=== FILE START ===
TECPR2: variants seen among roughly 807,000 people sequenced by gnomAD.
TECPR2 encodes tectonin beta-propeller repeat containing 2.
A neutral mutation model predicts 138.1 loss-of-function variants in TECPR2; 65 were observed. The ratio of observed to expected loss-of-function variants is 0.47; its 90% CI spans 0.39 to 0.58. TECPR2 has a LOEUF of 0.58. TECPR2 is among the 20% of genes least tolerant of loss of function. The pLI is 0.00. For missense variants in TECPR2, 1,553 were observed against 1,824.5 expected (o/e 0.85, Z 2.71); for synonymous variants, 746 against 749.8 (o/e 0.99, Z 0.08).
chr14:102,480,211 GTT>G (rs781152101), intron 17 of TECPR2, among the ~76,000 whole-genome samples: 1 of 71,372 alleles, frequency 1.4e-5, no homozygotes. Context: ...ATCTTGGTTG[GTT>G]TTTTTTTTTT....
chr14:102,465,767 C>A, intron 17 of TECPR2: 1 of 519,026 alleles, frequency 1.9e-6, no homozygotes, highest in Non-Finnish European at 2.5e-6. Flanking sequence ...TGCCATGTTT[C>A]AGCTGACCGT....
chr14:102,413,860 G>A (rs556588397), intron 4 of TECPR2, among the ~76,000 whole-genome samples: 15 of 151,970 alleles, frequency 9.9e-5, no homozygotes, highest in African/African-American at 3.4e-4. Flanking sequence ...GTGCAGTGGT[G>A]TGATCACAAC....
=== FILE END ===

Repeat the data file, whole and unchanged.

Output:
TECPR2: variants seen among roughly 807,000 people sequenced by gnomAD.
TECPR2 encodes tectonin beta-propeller repeat containing 2.
A neutral mutation model predicts 138.1 loss-of-function variants in TECPR2; 65 were observed. The ratio of observed to expected loss-of-function variants is 0.47; its 90% CI spans 0.39 to 0.58. TECPR2 has a LOEUF of 0.58. TECPR2 is among the 20% of genes least tolerant of loss of function. The pLI is 0.00. For missense variants in TECPR2, 1,553 were observed against 1,824.5 expected (o/e 0.85, Z 2.71); for synonymous variants, 746 against 749.8 (o/e 0.99, Z 0.08).
chr14:102,480,211 GTT>G (rs781152101), intron 17 of TECPR2, among the ~76,000 whole-genome samples: 1 of 71,372 alleles, frequency 1.4e-5, no homozygotes. Context: ...ATCTTGGTTG[GTT>G]TTTTTTTTTT....
chr14:102,465,767 C>A, intron 17 of TECPR2: 1 of 519,026 alleles, frequency 1.9e-6, no homozygotes, highest in Non-Finnish European at 2.5e-6. Flanking sequence ...TGCCATGTTT[C>A]AGCTGACCGT....
chr14:102,413,860 G>A (rs556588397), intron 4 of TECPR2, among the ~76,000 whole-genome samples: 15 of 151,970 alleles, frequency 9.9e-5, no homozygotes, highest in African/African-American at 3.4e-4. Flanking sequence ...GTGCAGTGGT[G>A]TGATCACAAC....